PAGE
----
Study: Tribal non-gaming businesses bring millions to the Upper Peninsula


MICHIGAN (WJMN) – An economic impact study across the state of Michigan found non-gaming tribal businesses generated more than $288 million in 2019. Nearly $40 million of that came from the Upper Peninsula.

This first of its kind collaboration among Michigan tribes was commissioned by 38 non-gaming business entities owned, controlled and managed by the following tribes in Michigan:

• Hannahville Indian Community
• Lac Vieux Desert Band of Lake Superior Chippewa Indians
• Little River Band of Ottawa Indians
• Little Traverse Bay Bands of Odawa Indians
• Match-E-Be-Nash-She-Wish Band of Pottawatomi Indians
(Gun Lake Tribe)
• Nottawaseppi Huron Band of the Potawatomi Indians
• Pokagon Band of Potawatomi Indians
• Saginaw Chippewa Indian Tribe
• Sault Ste. Marie Tribe of Chippewa Indians

“We like to collaborate, work with our fellow tribes across the country,” said Joel Schultz, executive director for economic development for Sault Ste. Marie Tribe of Chippewa Indians. “And we also thought there was benefit in the state of Michigan, and others who will see the report and understand that our impact goes beyond gaming. We are diversifying those revenues and to regional economic projects. It was for me, personally, it was also an exercise for us to start defining a lot of good things we have going on as a tribe.”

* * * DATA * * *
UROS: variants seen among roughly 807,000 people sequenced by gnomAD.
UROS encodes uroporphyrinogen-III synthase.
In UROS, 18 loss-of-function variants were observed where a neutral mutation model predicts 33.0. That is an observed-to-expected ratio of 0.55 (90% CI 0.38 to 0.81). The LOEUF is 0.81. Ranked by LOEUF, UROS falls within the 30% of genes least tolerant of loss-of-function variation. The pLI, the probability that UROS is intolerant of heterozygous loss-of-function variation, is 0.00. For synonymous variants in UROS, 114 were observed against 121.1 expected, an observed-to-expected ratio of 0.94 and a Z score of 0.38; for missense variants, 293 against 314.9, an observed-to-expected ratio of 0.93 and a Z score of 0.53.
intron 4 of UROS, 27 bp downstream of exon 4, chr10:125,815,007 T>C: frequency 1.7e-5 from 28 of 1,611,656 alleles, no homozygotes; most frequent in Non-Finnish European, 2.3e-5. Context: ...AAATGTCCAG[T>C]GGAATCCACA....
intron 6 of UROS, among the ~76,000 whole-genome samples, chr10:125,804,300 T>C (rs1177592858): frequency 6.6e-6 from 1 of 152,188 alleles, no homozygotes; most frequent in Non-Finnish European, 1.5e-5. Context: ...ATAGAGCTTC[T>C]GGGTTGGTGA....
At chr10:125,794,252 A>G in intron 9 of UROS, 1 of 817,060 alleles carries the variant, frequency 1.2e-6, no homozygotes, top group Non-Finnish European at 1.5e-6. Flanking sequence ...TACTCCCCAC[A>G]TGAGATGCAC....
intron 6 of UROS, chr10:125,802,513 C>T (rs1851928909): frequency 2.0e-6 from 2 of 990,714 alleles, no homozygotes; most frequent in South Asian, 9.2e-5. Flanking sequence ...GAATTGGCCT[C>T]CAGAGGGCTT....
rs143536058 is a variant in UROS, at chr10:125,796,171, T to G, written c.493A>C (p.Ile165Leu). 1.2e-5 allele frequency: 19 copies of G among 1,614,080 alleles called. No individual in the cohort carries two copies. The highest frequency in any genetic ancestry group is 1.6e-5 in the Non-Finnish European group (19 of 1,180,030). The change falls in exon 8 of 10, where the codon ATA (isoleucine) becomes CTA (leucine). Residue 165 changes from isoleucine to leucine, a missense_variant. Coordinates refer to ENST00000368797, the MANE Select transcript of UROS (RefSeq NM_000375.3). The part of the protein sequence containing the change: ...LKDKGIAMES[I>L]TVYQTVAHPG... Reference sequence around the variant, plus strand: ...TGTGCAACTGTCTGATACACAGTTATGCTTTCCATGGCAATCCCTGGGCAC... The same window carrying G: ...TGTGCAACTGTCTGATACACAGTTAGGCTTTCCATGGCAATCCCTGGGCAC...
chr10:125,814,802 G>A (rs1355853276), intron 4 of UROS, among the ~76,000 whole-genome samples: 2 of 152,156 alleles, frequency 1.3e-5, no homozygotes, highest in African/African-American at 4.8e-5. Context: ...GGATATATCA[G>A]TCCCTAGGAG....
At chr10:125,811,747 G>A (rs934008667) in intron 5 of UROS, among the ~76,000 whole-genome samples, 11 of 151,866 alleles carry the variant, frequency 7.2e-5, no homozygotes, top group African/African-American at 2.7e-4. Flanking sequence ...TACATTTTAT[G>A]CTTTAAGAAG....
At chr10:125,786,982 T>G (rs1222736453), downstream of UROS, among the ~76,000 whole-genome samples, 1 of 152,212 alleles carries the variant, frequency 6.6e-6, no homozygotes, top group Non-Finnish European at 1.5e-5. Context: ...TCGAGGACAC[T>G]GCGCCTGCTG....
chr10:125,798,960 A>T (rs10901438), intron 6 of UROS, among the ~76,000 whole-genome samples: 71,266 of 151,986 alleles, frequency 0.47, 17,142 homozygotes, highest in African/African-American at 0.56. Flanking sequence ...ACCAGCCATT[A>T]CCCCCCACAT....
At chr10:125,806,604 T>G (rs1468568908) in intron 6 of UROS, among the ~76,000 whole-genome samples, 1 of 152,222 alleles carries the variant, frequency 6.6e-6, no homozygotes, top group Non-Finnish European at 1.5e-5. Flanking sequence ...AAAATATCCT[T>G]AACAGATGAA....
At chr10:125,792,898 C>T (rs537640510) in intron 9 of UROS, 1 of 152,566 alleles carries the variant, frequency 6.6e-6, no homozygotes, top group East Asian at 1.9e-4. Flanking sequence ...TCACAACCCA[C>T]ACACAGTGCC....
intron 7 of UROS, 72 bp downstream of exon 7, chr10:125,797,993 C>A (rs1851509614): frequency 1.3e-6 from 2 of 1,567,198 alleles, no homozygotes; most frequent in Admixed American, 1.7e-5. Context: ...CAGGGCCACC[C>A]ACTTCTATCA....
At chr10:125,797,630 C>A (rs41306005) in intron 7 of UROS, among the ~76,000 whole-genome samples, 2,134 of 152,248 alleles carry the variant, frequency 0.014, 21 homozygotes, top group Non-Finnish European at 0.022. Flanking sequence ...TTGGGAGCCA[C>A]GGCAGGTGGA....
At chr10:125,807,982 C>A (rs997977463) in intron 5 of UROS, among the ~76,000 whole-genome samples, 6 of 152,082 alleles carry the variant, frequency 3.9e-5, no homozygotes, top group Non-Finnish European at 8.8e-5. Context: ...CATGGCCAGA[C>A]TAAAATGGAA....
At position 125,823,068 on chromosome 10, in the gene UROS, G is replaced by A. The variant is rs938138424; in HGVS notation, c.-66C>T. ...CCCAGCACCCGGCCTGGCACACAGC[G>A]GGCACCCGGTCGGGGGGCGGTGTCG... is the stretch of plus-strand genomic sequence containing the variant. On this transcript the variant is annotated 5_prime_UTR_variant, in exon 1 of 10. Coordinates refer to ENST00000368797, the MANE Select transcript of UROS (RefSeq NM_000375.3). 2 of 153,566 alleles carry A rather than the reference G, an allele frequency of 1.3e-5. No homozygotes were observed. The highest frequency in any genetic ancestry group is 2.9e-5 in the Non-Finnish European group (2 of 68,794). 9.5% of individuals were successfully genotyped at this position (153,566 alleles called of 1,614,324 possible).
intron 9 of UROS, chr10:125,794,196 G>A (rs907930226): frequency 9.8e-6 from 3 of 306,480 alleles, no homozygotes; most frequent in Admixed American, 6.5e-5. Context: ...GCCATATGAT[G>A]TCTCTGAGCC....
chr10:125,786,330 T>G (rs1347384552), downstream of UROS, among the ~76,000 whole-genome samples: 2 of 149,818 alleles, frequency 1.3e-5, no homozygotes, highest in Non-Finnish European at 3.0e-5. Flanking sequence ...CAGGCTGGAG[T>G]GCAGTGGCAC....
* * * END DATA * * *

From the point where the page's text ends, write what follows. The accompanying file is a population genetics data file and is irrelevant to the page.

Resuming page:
The study was coordinated and published by Waséyabek Development Company. Waséyabek Development Company, LLC, is a 100% tribally owned holding company that manages the Nottawaseppi Huron Band of the Potawatomi’s non-gaming economic development activities.

“This survey proves that [Michigan tribes] are very relevant, very solid business partners, we can be counted on,” said Deidra Mitchell, president/CEO of Waséyabek Development Company. “So, for those larger companies that are looking for minority suppliers to fulfill their diversity and inclusion goals, we are a very good bet. We are a very safe bet. We’ve got companies that are successful, reliable, and growing in the state of Michigan.”

According to the study, the total economic impact of non-gaming tribal businesses in 2010 was $39,689,899.24. That equates to $12,023,465.93 in labor income between 229 jobs. That averages out to more than $52,000 a year per job.

According to the release, the study was co-authored by Jon Panamaroff, chief compliance officer & senior vice president of business integration for Koniag Government Services and chief executive officer of the Kodiak Brown Bear Center in Kodiak, Alaska. The MEDC provided underwriting.

The 38 businesses that were subjects of the study are all minority-owned and operated and
produce economic activity in 11 industry sectors, including utilities; construction; manufacturing;
retail trade; finance and insurance; real estate and rental & leasing; professional, scientific, and
technical services; management of companies & enterprises; administrative, support, waste
management and remediation services; arts, entertainment, and recreation; and
accommodation and food service.

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